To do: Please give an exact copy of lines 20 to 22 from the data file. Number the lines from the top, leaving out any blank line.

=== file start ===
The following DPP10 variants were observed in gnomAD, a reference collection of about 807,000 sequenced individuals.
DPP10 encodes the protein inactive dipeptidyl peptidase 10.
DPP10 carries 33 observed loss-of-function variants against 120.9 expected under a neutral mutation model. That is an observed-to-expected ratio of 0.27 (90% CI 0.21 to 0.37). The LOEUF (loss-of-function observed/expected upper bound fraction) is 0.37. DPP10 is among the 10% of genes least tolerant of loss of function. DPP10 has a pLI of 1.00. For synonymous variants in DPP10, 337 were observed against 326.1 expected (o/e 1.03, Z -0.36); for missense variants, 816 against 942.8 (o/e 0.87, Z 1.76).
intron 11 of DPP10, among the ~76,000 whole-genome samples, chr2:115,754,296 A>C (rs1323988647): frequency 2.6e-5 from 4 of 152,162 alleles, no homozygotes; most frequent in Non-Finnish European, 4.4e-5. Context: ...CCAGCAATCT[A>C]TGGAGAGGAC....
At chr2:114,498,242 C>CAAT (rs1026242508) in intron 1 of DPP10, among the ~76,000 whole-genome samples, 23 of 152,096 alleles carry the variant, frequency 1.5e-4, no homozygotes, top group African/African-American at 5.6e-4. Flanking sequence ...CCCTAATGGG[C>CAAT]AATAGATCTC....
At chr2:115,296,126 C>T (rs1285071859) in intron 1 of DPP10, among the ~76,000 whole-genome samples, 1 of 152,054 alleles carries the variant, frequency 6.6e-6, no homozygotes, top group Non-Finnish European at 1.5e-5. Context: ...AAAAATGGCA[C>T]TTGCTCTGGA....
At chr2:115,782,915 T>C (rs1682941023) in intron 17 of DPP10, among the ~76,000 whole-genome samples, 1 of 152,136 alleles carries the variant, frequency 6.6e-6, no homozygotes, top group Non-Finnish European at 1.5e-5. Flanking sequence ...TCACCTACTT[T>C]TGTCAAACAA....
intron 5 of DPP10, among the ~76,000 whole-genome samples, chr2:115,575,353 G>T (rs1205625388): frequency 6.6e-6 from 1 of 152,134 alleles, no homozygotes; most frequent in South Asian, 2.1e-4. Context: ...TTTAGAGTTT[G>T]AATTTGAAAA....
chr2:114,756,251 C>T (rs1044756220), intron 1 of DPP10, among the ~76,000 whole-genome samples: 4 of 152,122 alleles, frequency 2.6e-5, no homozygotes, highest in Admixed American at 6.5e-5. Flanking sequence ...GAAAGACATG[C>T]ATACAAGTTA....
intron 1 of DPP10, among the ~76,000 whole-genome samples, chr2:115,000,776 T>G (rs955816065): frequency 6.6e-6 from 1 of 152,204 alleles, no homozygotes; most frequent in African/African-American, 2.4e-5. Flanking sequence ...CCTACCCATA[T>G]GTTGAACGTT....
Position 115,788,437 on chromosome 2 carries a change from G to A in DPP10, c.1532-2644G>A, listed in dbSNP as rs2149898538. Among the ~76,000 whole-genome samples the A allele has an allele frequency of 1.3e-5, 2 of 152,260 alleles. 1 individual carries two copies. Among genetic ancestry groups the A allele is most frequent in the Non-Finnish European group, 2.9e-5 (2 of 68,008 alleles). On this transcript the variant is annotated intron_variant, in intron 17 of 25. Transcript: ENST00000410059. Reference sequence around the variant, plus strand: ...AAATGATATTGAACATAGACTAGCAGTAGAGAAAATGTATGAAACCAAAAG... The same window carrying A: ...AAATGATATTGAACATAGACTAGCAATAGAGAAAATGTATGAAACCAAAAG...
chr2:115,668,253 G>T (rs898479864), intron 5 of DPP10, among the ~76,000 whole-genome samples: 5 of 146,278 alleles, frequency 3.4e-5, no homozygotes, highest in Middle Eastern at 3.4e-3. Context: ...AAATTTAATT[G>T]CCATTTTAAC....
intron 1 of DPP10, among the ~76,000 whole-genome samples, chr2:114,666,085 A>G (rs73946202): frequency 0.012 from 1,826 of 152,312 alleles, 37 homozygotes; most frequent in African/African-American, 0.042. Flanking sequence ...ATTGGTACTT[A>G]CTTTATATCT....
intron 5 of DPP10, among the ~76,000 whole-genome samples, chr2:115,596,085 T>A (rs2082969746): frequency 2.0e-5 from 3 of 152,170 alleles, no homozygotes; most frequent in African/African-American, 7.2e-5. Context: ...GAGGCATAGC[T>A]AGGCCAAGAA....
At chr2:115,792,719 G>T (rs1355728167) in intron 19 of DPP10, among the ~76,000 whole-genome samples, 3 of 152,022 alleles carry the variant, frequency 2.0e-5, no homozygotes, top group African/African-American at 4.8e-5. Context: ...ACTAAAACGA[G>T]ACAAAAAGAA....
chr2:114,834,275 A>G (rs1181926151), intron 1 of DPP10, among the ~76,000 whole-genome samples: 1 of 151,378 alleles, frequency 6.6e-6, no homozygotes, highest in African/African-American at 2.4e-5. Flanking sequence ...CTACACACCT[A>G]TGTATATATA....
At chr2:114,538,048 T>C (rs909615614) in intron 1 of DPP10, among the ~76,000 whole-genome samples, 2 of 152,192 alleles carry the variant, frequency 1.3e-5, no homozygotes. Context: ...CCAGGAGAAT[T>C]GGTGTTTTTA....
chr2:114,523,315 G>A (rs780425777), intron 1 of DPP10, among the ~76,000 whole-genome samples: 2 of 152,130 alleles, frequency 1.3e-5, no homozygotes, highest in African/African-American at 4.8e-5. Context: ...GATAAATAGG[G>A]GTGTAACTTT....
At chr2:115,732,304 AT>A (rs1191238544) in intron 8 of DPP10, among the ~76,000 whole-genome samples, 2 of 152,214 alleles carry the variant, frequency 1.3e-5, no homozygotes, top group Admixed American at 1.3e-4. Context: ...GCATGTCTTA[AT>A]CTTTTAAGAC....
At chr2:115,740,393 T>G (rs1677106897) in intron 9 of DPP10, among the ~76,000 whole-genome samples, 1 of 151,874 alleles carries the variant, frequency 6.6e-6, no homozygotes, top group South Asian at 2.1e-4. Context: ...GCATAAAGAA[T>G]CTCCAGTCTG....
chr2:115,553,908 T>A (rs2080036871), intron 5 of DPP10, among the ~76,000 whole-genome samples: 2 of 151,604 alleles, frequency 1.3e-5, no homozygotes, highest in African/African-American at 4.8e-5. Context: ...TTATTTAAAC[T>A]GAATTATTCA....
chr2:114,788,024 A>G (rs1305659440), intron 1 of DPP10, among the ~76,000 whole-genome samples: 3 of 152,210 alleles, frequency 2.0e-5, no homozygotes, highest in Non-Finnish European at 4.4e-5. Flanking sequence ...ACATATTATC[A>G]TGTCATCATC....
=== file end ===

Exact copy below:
At chr2:115,740,393 T>G (rs1677106897) in intron 9 of DPP10, among the ~76,000 whole-genome samples, 1 of 151,874 alleles carries the variant, frequency 6.6e-6, no homozygotes, top group South Asian at 2.1e-4. Context: ...GCATAAAGAA[T>G]CTCCAGTCTG....
chr2:115,553,908 T>A (rs2080036871), intron 5 of DPP10, among the ~76,000 whole-genome samples: 2 of 151,604 alleles, frequency 1.3e-5, no homozygotes, highest in African/African-American at 4.8e-5. Context: ...TTATTTAAAC[T>A]GAATTATTCA....
chr2:114,788,024 A>G (rs1305659440), intron 1 of DPP10, among the ~76,000 whole-genome samples: 3 of 152,210 alleles, frequency 2.0e-5, no homozygotes, highest in Non-Finnish European at 4.4e-5. Flanking sequence ...ACATATTATC[A>G]TGTCATCATC....